If the blade is sharp enough to cut the whisker, then it will cut through the whisker without pulling it up; it will simply slice right on through the hair shaft.  If you ever have tweezed an individual whisker from your beard, then you know how much force you needed to pull out the whisker; you never use anywhere near that much force when pulling a razor across your face.  Take your sharpest honed-to-a-fine-edge machete out to the garden and see whether you can lift even a small green twig upwards by applying the sharp edge horizontally to the shaft of the twig; that is what you are suggesting that the first blade of a twin-blade razor is doing.  Unless the razor blade is very, very dull, there never will be a “pulled whisker.”

The business edge of a double edge razor blade is chamfered toward the cutting edge; when clamped together, the two edges would have a V-shaped gap between them approximately equal at the leading edge to the thickness of the steel that the two blades were made from.   (That is, assuming that each blade is sharpened on both sides; a blade could be sharpened on one side only, and if the two unsharpened — flat —sides were clamped together, then the siamesed combination would act like one blade.)

No need to go into such a lengthy explanation for me, I'm just giving the company line on the question. It's why I say " I doubt it " to the question of has it been observed.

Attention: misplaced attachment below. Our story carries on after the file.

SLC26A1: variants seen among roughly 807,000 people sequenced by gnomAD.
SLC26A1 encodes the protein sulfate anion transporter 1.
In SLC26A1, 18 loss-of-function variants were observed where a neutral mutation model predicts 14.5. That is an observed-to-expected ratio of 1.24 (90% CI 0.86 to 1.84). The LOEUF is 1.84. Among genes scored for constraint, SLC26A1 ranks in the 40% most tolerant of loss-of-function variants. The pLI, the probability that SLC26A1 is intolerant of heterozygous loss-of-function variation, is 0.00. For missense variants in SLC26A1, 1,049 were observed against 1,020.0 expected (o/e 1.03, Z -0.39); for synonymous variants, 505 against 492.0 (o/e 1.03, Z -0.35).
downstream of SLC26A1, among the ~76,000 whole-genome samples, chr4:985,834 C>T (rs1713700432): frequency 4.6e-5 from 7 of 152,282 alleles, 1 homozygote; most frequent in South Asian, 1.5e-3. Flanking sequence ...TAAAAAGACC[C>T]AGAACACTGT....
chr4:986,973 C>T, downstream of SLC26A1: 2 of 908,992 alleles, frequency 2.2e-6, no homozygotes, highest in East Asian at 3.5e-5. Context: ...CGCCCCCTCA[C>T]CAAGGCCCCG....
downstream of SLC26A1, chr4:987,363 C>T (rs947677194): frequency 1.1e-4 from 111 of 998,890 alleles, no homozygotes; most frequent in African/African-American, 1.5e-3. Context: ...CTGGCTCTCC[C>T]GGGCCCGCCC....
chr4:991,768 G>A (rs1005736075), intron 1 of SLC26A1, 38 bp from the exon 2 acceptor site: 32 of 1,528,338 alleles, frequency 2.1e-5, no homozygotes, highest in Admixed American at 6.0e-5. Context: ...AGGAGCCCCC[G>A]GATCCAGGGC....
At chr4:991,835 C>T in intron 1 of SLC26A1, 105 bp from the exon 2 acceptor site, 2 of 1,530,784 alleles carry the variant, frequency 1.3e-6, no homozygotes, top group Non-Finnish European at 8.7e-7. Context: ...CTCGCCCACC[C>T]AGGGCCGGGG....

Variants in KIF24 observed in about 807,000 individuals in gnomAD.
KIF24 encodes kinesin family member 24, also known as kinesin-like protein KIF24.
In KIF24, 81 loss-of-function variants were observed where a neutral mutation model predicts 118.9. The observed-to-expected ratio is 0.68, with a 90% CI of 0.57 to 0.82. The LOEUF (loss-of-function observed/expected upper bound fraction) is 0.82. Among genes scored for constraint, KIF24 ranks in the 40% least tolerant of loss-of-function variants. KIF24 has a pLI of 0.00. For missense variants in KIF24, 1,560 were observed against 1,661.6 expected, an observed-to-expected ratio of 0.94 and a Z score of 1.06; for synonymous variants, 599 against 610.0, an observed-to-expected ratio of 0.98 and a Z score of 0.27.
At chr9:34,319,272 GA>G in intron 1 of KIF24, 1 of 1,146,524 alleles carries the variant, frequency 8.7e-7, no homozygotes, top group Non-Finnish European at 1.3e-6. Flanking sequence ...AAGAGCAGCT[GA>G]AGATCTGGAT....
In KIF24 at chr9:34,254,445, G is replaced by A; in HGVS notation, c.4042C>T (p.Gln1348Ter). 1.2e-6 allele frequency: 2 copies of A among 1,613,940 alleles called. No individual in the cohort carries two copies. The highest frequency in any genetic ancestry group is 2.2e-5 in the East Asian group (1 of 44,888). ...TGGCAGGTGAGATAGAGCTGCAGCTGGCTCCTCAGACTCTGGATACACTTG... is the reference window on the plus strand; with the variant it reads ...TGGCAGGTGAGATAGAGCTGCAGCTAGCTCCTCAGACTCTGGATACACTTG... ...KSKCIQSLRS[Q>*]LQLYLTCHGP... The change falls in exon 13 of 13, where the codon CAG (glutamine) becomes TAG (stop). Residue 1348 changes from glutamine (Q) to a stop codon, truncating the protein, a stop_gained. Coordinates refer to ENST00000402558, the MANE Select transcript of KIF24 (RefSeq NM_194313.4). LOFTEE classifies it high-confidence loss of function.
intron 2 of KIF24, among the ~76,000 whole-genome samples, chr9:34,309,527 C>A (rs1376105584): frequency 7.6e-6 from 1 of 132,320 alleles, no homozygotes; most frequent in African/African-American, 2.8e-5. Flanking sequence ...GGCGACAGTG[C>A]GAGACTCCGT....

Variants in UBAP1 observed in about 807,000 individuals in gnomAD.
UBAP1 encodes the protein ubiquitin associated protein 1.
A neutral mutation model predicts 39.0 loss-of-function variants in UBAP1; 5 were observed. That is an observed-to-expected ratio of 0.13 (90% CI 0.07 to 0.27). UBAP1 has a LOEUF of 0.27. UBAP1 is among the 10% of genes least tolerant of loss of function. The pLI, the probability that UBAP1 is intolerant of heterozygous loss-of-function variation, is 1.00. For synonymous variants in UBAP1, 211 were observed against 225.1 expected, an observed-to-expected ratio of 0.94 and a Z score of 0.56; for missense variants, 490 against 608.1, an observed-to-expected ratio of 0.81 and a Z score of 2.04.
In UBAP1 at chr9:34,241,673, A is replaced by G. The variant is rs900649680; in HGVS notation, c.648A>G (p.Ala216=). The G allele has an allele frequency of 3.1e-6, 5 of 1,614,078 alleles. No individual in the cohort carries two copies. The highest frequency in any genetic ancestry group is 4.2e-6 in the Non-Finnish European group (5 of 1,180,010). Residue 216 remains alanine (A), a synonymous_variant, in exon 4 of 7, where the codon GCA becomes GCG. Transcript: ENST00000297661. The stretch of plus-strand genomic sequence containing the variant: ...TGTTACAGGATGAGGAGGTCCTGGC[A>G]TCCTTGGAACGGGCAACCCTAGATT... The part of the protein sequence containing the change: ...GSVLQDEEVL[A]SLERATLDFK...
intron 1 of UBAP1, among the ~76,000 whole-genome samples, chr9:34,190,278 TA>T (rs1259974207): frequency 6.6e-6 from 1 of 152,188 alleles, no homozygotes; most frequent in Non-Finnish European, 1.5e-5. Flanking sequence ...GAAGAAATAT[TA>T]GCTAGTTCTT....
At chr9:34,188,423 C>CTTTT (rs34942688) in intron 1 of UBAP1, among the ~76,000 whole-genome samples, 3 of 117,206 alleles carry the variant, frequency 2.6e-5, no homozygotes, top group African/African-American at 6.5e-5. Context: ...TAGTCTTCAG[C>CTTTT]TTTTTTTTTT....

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 01-30-2016, 08:41 PM
#15
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I've accidentally shaved with two blades in my DE razor.

It was awful.

Wouldn't do it on purpose. The twin blade DE blades and injector blades I have that were made that way on purpose have a staggered edge. There's a tiny gap between the two edges on each side as the upper blade is slightly narrower.

They don't shave any better than a single DE blade. The SE blades with twin edges almost immediately clog up with stubble too.

Is there something I'm missing? Aren't most brands of DE blades the same width? The curve of the razor head wouldn't separate the edges appreciably.

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 01-30-2016, 10:40 PM
#16
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(01-30-2016, 08:41 PM)bakerbarber Wrote: I've accidentally shaved with two blades in my DE razor.

It was awful.

Wouldn't do it on purpose. The twin blade DE blades and injector blades I have that were made that way on purpose have a staggered edge. There's a tiny gap between the two edges on each side as the upper blade is slightly narrower.

They don't shave any better than a single DE blade. The SE blades with twin edges almost immediately clog up with stubble too.

Is there something I'm missing? Aren't most brands of DE blades the same width? The curve of the razor head wouldn't separate the edges appreciably.